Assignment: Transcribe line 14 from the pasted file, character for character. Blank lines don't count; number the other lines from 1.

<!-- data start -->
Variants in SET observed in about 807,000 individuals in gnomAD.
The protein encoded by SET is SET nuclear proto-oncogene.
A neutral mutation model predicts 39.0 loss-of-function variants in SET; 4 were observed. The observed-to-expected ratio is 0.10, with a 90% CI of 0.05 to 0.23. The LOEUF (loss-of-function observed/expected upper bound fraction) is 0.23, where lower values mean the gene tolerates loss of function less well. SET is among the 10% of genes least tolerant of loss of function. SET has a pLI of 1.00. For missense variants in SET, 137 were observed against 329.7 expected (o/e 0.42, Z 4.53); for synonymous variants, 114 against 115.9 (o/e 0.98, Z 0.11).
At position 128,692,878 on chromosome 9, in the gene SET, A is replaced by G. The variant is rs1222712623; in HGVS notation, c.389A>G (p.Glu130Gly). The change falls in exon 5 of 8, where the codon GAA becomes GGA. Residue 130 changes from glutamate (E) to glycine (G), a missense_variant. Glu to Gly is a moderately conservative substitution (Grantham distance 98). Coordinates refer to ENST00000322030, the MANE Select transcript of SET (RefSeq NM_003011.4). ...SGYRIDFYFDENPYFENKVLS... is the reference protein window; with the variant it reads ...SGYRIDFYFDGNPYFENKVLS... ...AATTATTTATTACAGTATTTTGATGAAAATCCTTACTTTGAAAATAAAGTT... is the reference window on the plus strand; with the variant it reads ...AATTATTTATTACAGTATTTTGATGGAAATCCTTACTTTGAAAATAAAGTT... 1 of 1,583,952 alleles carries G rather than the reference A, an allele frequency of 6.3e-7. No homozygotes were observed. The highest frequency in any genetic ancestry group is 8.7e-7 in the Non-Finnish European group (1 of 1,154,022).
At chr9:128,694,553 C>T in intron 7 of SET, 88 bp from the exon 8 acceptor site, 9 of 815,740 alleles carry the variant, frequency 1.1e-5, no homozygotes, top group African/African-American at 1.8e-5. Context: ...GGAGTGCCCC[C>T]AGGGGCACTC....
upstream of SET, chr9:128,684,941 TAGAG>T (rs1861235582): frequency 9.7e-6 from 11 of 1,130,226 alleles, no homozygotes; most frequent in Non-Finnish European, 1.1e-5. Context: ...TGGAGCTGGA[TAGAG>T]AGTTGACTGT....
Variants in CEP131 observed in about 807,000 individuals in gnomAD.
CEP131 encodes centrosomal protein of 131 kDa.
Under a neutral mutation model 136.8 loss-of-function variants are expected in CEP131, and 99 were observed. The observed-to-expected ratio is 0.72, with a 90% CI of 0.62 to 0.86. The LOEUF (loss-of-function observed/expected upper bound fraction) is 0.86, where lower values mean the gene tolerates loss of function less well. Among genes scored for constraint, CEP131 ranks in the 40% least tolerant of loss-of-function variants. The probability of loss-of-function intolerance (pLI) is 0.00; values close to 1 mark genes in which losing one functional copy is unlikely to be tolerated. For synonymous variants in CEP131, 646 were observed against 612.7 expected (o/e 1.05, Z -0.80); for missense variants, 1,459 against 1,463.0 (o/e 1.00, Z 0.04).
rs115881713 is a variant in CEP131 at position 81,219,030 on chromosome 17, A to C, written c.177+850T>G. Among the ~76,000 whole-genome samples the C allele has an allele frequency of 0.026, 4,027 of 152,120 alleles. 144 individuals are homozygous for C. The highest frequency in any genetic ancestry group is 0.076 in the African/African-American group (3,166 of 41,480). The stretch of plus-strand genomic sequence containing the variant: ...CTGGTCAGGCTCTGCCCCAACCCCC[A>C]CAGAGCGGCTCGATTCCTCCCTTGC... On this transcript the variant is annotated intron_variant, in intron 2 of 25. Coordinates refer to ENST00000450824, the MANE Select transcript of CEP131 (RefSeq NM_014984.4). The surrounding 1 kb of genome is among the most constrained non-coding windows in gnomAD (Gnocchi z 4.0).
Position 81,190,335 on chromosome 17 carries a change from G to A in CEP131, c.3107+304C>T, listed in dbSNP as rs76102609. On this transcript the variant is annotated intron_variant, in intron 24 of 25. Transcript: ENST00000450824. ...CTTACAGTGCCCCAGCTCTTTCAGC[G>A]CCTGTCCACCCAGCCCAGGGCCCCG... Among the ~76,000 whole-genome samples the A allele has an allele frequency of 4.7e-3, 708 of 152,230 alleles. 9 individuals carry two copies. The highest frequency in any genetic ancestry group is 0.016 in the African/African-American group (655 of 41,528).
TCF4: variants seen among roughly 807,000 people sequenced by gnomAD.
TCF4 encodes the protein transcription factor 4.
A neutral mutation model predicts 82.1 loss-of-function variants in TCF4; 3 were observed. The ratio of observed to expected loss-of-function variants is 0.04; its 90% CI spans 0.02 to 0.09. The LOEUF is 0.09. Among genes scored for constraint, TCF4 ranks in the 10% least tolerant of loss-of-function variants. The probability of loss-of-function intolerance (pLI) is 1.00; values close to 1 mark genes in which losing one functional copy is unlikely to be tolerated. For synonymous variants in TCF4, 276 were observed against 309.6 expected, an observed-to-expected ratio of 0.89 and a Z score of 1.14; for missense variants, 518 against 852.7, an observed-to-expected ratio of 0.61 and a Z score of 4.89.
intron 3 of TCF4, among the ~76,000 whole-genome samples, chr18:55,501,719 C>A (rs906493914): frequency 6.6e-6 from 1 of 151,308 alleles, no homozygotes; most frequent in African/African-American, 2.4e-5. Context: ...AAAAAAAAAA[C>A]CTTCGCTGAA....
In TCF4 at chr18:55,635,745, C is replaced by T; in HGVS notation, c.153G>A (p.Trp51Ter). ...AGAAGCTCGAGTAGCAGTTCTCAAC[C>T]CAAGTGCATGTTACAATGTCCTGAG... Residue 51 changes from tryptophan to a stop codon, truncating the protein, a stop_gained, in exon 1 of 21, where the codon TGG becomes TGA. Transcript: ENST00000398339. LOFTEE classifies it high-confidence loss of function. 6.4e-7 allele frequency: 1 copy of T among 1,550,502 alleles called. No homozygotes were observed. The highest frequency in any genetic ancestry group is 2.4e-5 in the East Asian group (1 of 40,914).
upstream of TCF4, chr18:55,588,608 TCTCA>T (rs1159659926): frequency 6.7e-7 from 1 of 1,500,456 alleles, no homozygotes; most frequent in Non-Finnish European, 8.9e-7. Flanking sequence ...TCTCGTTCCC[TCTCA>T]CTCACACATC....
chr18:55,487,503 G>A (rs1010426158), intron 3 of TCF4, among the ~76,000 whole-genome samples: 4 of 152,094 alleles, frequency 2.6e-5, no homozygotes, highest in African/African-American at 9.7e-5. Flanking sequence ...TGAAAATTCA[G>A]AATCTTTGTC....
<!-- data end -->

A neutral mutation model predicts 82.1 loss-of-function variants in TCF4; 3 were observed. The ratio of observed to expected loss-of-function variants is 0.04; its 90% CI spans 0.02 to 0.09. The LOEUF is 0.09. Among genes scored for constraint, TCF4 ranks in the 10% least tolerant of loss-of-function variants. The probability of loss-of-function intolerance (pLI) is 1.00; values close to 1 mark genes in which losing one functional copy is unlikely to be tolerated. For synonymous variants in TCF4, 276 were observed against 309.6 expected, an observed-to-expected ratio of 0.89 and a Z score of 1.14; for missense variants, 518 against 852.7, an observed-to-expected ratio of 0.61 and a Z score of 4.89.